The Art of Art: Revealing Behind the Art Scenes

Everyone loves art; we all marvel over pretty paintings, and admire the beauty of a well-conducted photograph. But what’s behind all of that art? What happens when you peel back the paint, peek behind the ink, and paper, and look at the art as a process.  When you think about all of the dynamics that make art, it makes you start to question: What is art?

Lucky for me, I happen to find myself a part of this process quite often (in fact, I’m writing this in the car as a photo is being done right now). My significant other is local photographer Russell Eck, who specializes in long exposure night photography, and almost all the time I tag along with him as he’s creating his art. I know the ins-and-outs of what makes a nice photo, but I got to wondering; do you? It’s an interesting process that takes a lot more time and effort than people think, and I think it is an important part of art appreciation to understand just exactly what it takes.

Saturday night in Reno consisted of cabin fever-meets-warm weather spontaneity that had Russell grabbing for his camera and his trusty assistant: me. He thought up some ideas, called up a friend, and the three of us made a night of it. As I said earlier, Russell does long exposure night photography, so we ended up fending for ourselves down by the Truckee River in the dead of twilight—well, not actually, but we did come across some unruly teenagers in the process, and I did have to confront another photographer about snapping unannounced photos of us doing our work (and flashing a few statement fingers, since the woman never stopped).

The process goes something like this:

  1. Stakeout: it begins. This is one of the major places the artist comes in—they have a certain eye (generally a photographer’s eye, but I think this applies to all artists in a different sense), which is able to pick out interesting things that the rest of the world doesn’t see.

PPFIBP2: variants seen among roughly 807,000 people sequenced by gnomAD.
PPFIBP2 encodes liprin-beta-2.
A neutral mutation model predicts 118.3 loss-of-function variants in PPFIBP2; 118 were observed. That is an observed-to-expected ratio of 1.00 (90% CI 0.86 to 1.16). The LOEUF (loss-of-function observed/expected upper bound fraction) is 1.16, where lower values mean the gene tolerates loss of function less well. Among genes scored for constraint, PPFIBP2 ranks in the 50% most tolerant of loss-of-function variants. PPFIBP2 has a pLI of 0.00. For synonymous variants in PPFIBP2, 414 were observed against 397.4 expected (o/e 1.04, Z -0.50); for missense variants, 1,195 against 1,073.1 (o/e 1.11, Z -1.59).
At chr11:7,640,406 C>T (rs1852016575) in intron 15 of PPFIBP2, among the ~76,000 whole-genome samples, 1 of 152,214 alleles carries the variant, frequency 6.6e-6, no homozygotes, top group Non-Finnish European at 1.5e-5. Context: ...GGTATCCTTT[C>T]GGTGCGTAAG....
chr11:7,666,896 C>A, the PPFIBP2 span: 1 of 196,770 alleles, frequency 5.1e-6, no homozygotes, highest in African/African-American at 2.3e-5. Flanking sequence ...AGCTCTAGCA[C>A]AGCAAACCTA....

2. Spot picked: set up. Lugging the equipment (i.e., camera bag, tripod, flash, flashlights, and knives because let’s face it, this is downtown Reno) to various places, which range from off the roadside in the city, to miles up a hiking trail in places most people never see. Then, after the hike, comes the actual setting up—the moving, adjusting, testing, snapping, adjusting again moments until the artist is happy—time taken for this step generally ranges.

russ3. The wait: exposure time. This is where the breadth of the process truly lies. Since it is night photography, the camera itself requires longer exposure for enough amounts of light to reach the sensors and make a nice photo. Also—as Russell has often done—there are photo processes such as startrails and long exposure water shots that require a lot of time, sometimes hours. This is when we wind up goofing off and having tons of fun though—an unusual luxury of an unfaltering assistant 😉

russ34. The follow-up: on a technicality. This is the stuff that people really don’t think about when looking at a photograph. This is the double exposure times, the editing in computers, and finally the uploading, printing and matting. This part isn’t as glorious as the others, but is equally as necessary and still takes a certain skill and practice.


I tag along for the first few parts, but generally I don’t see the finished product until we’re at home and Russell is pretty much done. I’ve learned about the different types of photography, the different works that go into it, and ultimately have a heightened appreciation for much of the work that I come across. Does it help knowing what goes into art? I’m not sure, but for me knowing the effort an artist puts into their reveals a sense of passion, and ignites in me ideas and motivation for my next creative project. The finished picture for the night turned out like this:



Find Russell here:



Artist Profile: REcked in Reno

Russell Eck

Local photographer on the rise in Reno, Nevada. Find him:





In order to give back to the community, I figure I can start by getting to know it. Each member offers himself up as a piece to a larger puzzle, but in order to truly appreciate the big picture, one needs to focus in. Right now, I am going to zoom in on an up-and-coming local artist, born and bred, who is taking artistic standards and giving them a much needed modern spin.

Russell Eck is a photographer, specializing in long exposure, infrared, night, and landscape photography. He received a BS in Biology from UNR. He writes for and plays in a local post-hardcore band called A Place Before The Pines, and runs his own music recording studio, called 8 Bit Recording Studio.